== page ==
As part of our Designing On-line Learning module this week we didn’t have a lecture, but instead a number of tasks and information was made available on Moodle and we could complete the learning in our own time. We’ve been asked to keep a blog or diary about our experiences.
Having the on-line material instead of a lecture was useful for me. I could attend a meeting with a tutor which otherwise would have required me travelling into Manchester on an extra day, and I got home earlier which meant I got to eat dinner with my family! I have accessed the work in a few chunks, instead of sitting down all at once. I had an hour after work and before picking up the children one day when I managed to investigate a couple of websites and work through most of the tasks. I started writing up my blog in university, in between lectures. It has been useful to be able to access the information from different places as this has helped me be flexible. It is harder to force myself to prioritise completing these tasks over the hundreds of other things on my ‘to do’ list.
The WISC site looked really exciting and I eagerly jumped in. The ‘Heat Distribution’ resource looked fantastic, but on reflection it had a lot of writing, and even someone like me who likes to read all the information, found myself skipping on to see what the animation did! It will be interesting to show it to my 12 year old son as I’m sure he will just click the animations and ignore the text! Will that hamper his learning and understanding, will he get just a basic overview, or will he fully understand from what he takes in? Some of the other examples on the site were a bit disappointing and seemed to be just powerpoints with animation and I struggled to see how they were better than being talked through something. Some of the interactive sorting games were useful, but when I disagreed with the objects sorting, there wasn’t a way to interact dynamically!
I registered with the site and hoped to be able to have a play with the ‘building games’ software, but you had to pay a subscription for that service, which I didn’t want to do. All in all left the site a bit disappointed.
While I was exploring WISC I was also registering with a wiki site which had been set up for use in another lecture. I’ve never used Wikis before, but I was really impressed with how easy they were to use. I can certainly see potential for using them in group learning situations. It will really help people who need to collaborate on a project to connect with each other and plan and share information, even if the finished product is not the Wiki itself. Obviously the finished project could be the Wiki though.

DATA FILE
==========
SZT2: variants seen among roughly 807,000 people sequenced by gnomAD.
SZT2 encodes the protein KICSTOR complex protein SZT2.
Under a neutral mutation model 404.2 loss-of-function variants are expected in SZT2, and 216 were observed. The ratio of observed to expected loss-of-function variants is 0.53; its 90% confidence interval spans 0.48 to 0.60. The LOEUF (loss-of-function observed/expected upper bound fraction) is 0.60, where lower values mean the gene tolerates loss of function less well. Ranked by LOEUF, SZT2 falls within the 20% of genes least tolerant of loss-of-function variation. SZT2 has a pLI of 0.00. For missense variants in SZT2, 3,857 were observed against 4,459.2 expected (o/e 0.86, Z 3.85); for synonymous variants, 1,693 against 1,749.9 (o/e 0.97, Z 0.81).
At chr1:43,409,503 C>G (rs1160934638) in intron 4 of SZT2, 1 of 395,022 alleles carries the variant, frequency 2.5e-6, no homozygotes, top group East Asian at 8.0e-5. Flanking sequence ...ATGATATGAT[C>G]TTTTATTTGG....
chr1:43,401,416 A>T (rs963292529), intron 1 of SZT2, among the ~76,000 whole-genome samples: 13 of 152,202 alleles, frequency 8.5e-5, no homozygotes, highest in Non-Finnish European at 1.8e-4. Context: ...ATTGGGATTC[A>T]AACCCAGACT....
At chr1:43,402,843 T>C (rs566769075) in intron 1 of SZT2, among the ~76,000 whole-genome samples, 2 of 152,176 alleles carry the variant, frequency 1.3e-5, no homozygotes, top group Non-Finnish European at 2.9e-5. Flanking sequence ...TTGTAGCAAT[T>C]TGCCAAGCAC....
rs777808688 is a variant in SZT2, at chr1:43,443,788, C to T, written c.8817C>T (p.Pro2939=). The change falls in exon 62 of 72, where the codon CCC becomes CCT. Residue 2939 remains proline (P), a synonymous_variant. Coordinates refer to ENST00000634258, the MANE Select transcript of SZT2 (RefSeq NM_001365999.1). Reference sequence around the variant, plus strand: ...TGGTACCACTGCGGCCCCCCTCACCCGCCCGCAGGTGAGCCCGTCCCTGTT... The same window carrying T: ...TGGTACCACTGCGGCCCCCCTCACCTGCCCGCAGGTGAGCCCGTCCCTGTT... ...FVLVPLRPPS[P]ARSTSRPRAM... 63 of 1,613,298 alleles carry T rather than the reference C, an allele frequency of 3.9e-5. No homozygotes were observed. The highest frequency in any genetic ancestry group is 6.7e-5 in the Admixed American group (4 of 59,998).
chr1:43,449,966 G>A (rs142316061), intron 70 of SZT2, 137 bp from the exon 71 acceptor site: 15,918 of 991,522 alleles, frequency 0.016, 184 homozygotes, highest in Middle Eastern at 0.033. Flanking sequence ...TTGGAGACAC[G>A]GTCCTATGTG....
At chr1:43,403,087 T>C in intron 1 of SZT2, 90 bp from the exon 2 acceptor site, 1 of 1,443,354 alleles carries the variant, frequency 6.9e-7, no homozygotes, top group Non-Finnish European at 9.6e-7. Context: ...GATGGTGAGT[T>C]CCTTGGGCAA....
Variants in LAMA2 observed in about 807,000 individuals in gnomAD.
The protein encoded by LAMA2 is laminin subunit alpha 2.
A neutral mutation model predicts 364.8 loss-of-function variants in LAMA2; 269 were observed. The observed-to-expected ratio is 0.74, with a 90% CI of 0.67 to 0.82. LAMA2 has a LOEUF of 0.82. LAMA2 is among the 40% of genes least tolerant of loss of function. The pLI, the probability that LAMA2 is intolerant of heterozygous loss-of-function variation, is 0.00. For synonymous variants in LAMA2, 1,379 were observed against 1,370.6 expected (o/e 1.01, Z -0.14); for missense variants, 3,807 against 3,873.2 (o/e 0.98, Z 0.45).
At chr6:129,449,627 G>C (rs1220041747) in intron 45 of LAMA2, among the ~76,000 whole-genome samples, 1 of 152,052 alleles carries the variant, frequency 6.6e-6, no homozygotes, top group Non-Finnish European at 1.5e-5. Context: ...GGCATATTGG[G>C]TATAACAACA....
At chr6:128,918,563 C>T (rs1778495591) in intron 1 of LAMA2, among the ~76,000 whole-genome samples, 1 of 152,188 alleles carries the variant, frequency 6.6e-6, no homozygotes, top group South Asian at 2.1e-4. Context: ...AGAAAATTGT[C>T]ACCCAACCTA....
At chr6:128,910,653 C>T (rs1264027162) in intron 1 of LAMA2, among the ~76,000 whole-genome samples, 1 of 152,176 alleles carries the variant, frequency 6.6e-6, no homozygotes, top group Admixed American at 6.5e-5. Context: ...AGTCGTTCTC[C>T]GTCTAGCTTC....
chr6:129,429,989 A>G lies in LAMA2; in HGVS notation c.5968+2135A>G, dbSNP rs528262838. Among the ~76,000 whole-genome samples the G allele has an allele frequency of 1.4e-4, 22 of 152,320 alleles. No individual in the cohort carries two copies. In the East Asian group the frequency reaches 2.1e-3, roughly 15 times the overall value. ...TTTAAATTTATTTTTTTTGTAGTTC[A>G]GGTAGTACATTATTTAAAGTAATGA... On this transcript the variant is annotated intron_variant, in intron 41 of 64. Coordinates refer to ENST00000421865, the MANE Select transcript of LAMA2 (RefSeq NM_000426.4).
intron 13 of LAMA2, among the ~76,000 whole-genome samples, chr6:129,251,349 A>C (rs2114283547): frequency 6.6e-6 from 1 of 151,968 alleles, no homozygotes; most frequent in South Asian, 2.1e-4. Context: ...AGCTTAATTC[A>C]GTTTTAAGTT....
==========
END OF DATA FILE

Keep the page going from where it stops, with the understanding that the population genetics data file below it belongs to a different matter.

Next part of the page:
I’ve used all of these social media before. I’ve used Facebook for quite a long time, but I keep it pretty much just for social use, although I do have work colleagues on my Facebook, I consider them personal friends too.
Twitter I use for gathering information and to help me connect to current developments and articles in a variety of areas, including news, library information, politics and Strictly Come Dancing! I find it invaluable for widening my reading, knowledge and understanding of lots of current issues.
Blogging I’ve done for a while. I kept a creative blog over the summer and now I’m trying to keep this more reflective learning log.
This was an area I stuggled with. I could subscribe to a feed, but found it hard to get my subscription into a feed reader and then I found the reader hard to access and it all seemed a little pointless. I think this was where I found the on-line/distance element of the learning really hard as there wasn’t the immediate help that a teacher or fellow students could have given me.
So overall, how did I find the distance learning? Well, here’s my confession, although I did a lot of the work on Tuesday and wrote up part of this blog on Wednesday, at least half of the writing up has been done in a rush and panic on Sunday night, and I still haven’t watched all the teaching videos. Although I was glad to have the flexibility on Monday afternoon, I think I would have preferred to have the focus of the two hour lecture slot to work in, as I’ve struggled to find those two hours, plus the additional two hours extra study elsewhere. As previously mentioned, I’ve missed the immediate help and support of a teacher or other students when I had a problem. I know I could have e-mailed someone, but somehow that seemed too much effort, and I didn’t want to bother anyone.
Would I use distance learning in my teaching? Probably, as there are obviously situations when learners can’t be with a teacher for a variety of reasons (time, distance, health to name a few) but this exercise has made me consider some of the issues or isolation and time management that I would have to address when desiging learning and the support that goes with it.